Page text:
IN TOTAL – Approximately $15.3 million will fund 15 projects through the Substance Use and Addictions Program (SUAP), the Harm Reduction Fund and the Canadian Institutes of Health Research (CIHR).
SUAP – $9.6 million for seven projects
While the seven projects are based in British Colombia, they will produce results that can be applied across the country. These projects will focus on building and sharing knowledge on effective treatments for opioid use disorder, including in rural and remote areas in B.C. and Yukon, and among women and formerly incarcerated men.
St. Paul’s Foundation of Vancouver
St. Paul’s Foundation of Vancouver will receive more than $930,000 over four years to develop a B.C.-Yukon opioid agonist treatment provider network. St. Paul’s will work with the British Columbia Centre on Substance Use, in collaboration with stakeholders in B.C. and Yukon, to establish a network that addresses the need for evidence-based treatment for substance use disorder, with particular focus on rural and remote providers.
Simon Fraser University
Simon Fraser University will receive more than $2.3 million over three years to create workshops to build knowledge among policy makers and to expand understanding of issues related to substance use in communities.
University of British Columbia (three projects):
UBC will receive more than $1.2 million over three years to create an online platform to help people who use opioids and their support networks in identifying risk factors for overdoses and managing high-risk behaviours.
The Institute of Mental Health of the Faculty of Medicine at UBC will receive more than $1.5 million over five years to study two new recovery programs in Canada that offer treatment to individuals who have severe substance use issues or who have substance use issues while also struggling with mental health disorders.
UBC’s Collaborating Centre for Prison Health and Education will receive $558,180 over four years to develop a comprehensive trauma kit that supports the integration of trauma-informed practices into correctional institutions and community-based organizations, providing services to currently and formerly incarcerated men.
The Dr. Peter AIDS Foundation
The Dr. Peter AIDS Foundation will receive more than $2.6 million over 2.5 years to support the Dr. Peter Centre to implement and evaluate an intravenous opioid agonist therapy program in an integrated health setting for people who use injection drugs. Integrated health services provide numerous medical and psychosocial services, offering options for those transitioning to other treatments for opioid use disorder.
The Centre of Excellence for Women’s Health (CEWH)
The CEWH will receive approximately $225,000 over 1.5 years to gather and synthesize evidence on stigma experienced by women who use opioids during their interactions with child welfare organizations. CEWH will also use the funding to create—with support from collaborating partners—a multi-component toolkit of resources to guide system planners and practitioners in both child welfare and substance use systems across Canada.
Harm Reduction Fund – $1.3 million for four projects
The four initiatives will help control infectious diseases that can be associated with drug use, while also linking people to treatment and support services.
Atira Women’s Resource Society
The Women’s Resource Society will receive approximately $250,000 to create a supervised inhalation service at a drop-in centre that focuses on women who use drugs in Surrey.
Peers Victoria Resource Society
The Peers Victoria Society will receive more than $264,000 to train and hire a peer health service coordinator to help people who use drugs and are involved in sex work or the sex trade in Esquimalt, Victoria, Langford and Saanich.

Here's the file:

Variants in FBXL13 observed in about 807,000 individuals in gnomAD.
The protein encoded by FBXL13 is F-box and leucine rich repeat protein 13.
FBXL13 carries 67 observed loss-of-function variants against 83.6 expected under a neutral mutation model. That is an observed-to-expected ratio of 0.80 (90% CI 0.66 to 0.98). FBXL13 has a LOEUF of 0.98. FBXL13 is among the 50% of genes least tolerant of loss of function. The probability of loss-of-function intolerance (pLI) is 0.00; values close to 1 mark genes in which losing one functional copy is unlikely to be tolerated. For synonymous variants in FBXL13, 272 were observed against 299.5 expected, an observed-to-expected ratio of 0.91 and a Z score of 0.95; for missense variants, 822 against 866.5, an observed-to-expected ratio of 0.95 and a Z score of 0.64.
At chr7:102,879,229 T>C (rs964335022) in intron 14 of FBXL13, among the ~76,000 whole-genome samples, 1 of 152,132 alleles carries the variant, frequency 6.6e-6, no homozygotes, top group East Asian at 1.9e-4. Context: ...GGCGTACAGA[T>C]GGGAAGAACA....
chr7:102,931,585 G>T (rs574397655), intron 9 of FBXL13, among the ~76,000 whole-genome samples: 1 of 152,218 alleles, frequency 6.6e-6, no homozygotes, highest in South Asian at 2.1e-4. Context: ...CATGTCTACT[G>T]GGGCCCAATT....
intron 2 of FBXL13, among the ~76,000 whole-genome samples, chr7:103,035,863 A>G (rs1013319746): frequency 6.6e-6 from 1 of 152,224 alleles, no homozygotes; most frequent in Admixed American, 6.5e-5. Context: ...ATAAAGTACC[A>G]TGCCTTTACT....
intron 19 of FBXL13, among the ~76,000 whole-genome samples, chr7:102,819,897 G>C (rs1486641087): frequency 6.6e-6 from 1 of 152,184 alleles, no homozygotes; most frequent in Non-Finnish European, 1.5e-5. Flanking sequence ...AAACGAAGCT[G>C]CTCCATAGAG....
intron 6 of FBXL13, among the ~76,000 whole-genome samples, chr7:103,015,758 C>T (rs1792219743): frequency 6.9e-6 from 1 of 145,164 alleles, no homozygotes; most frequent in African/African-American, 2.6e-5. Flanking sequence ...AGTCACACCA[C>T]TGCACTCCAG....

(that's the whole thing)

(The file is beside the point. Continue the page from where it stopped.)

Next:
AIDS Vancouver Island Health and Community Services Society
The AIDS Vancouver Island Health and Community Services Society will receive approximately $580,364 for Indigenous-led peer outreach teams, established in collaboration with Kwakaitl District Council. These teams will provide culturally appropriate prevention, education and resources to peers, and training to health and social service providers to reduce stigma toward people who use drugs in Campbell River. Peer outreach teams will also provide prevention, education and resources to peers in Courtney and Comox Valley, and training to health and social service providers to reduce stigma toward people who use drugs.
Lower Mainland Purpose Society for Youth and Families
The Lower Mainland Purpose Society for Youth and Families will receive approximately $239,000 for a peer coordinator to train additional peer outreach workers to enhance the reach and scope of their outreach program in the Fraser North area.
CIHR – $4.4 million for four projects
To help ensure treatments and actions to reduce harms are evidence-based and effective, the Canadian Institutes of Health Research is providing approximately $4.4 million for four research projects focused on opioids.
University of British Columbia (two projects)
UBC will receive approximately $145,000 to conduct an analysis of different treatment options that can be used to help people who use illegal opioids.
UBC will receive approximately $1.1 million for a three-year project to study a program of injectable opioid therapy on an expanded range of people seeking treatment for opioid use disorder.
BC Centre on Substance Use (BCCSU)
BCCSU will receive approximately $650,632 to examine how housing environments can impact substance-use interventions among people who use drugs in the context of a housing crisis.
First Nations Health Authority in West Vancouver
The First Nations Health Authority in West Vancouver will receive approximately $2.5 million for a five-year project (2018-2023) to improve harm reduction initiatives and better support Indigenous people who use opioids.
Report a problem or mistake on this page
- Date modified: